Beijing hotels have performed well and reaped strong profit since the Olympic Games opened on August 8, according to global business advisory firm Deloitte.
The auditing giant's review showed on the Games opening night revenue per available room (revPAR) in the Chinese capital's hotels increased 546 percent to $390 from the same period a year previously.
In addition, occupancy reached 86.3 percent while average room rates increased 421 percent to $451 (up $364 from the average of $87 on the same day in 2007).
The review said the two nights following the opening also saw strong growth in occupancy and average room rates. Undoubtedly, more days like this were expected during the remainder of the Games which close August 24.
"This is a fantastic start to the 29th Olympic Games and no doubt hoteliers are celebrating this success," said Marvin Rust, Deloitte's hospitality managing partner.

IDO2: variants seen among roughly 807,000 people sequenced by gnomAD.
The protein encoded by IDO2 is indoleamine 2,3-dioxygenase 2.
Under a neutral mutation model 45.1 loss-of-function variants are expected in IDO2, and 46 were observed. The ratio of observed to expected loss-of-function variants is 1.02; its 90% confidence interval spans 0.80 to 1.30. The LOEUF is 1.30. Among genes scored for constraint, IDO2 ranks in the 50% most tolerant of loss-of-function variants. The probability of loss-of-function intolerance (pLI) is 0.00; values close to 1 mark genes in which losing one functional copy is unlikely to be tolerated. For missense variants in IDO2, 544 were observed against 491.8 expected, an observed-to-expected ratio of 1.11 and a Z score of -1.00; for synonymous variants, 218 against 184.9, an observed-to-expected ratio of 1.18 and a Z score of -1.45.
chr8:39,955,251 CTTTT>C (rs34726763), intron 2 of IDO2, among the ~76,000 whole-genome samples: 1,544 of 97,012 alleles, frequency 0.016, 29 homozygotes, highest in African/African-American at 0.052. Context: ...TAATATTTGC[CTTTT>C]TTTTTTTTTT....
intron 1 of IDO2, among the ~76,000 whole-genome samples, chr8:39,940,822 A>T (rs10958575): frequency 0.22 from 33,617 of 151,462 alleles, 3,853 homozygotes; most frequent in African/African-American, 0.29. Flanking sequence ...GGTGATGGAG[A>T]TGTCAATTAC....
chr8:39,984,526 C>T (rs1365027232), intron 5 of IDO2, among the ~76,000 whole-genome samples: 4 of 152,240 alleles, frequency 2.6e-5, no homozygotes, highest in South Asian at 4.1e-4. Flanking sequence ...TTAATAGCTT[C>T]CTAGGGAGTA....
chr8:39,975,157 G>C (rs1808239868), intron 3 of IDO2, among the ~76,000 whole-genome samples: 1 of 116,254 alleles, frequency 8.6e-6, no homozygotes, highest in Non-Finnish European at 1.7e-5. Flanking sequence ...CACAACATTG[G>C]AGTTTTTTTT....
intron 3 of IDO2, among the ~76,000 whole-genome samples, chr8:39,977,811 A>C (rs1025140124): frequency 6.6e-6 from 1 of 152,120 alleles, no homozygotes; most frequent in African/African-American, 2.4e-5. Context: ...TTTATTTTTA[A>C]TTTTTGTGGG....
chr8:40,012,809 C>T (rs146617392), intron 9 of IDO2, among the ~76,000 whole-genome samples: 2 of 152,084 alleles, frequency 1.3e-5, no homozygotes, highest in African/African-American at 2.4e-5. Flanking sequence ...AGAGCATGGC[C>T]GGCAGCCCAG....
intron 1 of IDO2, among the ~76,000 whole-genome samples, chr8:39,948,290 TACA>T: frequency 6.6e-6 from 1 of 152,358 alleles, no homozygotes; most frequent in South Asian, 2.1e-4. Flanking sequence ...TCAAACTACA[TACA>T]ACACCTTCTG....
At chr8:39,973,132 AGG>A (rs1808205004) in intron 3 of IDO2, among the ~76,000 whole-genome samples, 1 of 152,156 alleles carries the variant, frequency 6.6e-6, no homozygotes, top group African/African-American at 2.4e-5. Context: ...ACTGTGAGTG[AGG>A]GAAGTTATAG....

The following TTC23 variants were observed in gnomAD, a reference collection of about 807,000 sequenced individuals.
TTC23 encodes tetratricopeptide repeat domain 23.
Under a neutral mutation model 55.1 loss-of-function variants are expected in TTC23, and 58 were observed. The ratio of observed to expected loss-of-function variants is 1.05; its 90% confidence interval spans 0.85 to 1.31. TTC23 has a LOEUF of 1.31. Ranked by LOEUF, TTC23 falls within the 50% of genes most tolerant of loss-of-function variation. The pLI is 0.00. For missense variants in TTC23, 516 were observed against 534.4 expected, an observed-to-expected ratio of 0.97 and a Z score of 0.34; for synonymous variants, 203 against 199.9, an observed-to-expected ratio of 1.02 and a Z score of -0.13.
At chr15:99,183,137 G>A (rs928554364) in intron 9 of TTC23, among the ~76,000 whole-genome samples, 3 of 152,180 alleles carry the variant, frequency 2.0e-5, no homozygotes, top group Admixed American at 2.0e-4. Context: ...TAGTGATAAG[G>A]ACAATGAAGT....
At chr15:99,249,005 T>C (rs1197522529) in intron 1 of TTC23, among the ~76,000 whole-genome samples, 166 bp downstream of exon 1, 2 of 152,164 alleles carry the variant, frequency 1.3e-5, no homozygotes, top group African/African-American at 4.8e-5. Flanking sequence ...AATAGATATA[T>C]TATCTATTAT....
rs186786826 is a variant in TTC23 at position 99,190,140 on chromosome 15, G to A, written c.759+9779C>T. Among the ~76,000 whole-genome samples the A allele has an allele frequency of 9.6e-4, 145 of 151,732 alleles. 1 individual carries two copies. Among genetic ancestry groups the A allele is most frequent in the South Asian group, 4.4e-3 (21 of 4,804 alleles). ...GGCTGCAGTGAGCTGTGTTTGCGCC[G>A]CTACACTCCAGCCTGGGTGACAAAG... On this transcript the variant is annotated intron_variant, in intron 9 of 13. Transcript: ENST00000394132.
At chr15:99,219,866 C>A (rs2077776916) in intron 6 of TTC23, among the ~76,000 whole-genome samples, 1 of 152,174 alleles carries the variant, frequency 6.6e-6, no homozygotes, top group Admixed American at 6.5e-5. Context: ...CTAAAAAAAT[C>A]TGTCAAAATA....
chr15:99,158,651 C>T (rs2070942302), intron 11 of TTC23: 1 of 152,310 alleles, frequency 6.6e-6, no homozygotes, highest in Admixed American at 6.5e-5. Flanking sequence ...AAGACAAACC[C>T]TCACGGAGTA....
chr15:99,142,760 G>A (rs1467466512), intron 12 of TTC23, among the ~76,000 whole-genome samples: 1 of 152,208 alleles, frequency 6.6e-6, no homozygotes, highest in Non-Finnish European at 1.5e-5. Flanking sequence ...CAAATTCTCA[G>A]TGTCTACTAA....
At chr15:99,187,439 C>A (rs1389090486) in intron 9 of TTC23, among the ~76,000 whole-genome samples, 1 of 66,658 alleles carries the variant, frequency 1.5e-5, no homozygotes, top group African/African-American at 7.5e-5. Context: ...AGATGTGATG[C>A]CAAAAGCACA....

"After seven years of planning, and billions of dollars being spent in the city, it is clear that Beijing is already reaping the benefits, not only by putting on a dazzling opening ceremony but also in the city's hotels. Hoteliers in London will be looking forward to 2012," he said.
In contrast, Beijing Municipal Statistics Bureau (BSB) figures showed a slight increase in hotel occupancy since the Game's opening.
According to the bureau, the city's star-rated hotels received about 78,000 guests on August 12, half from the Chinese mainland and the rest from overseas.
The figures were about 5 percent higher, or 4,000 guests, more than August 8.
Prices for hotels rated below three stars also went up slightly on August 12, while for those rated three stars or above were down slightly from August 8, the bureau said.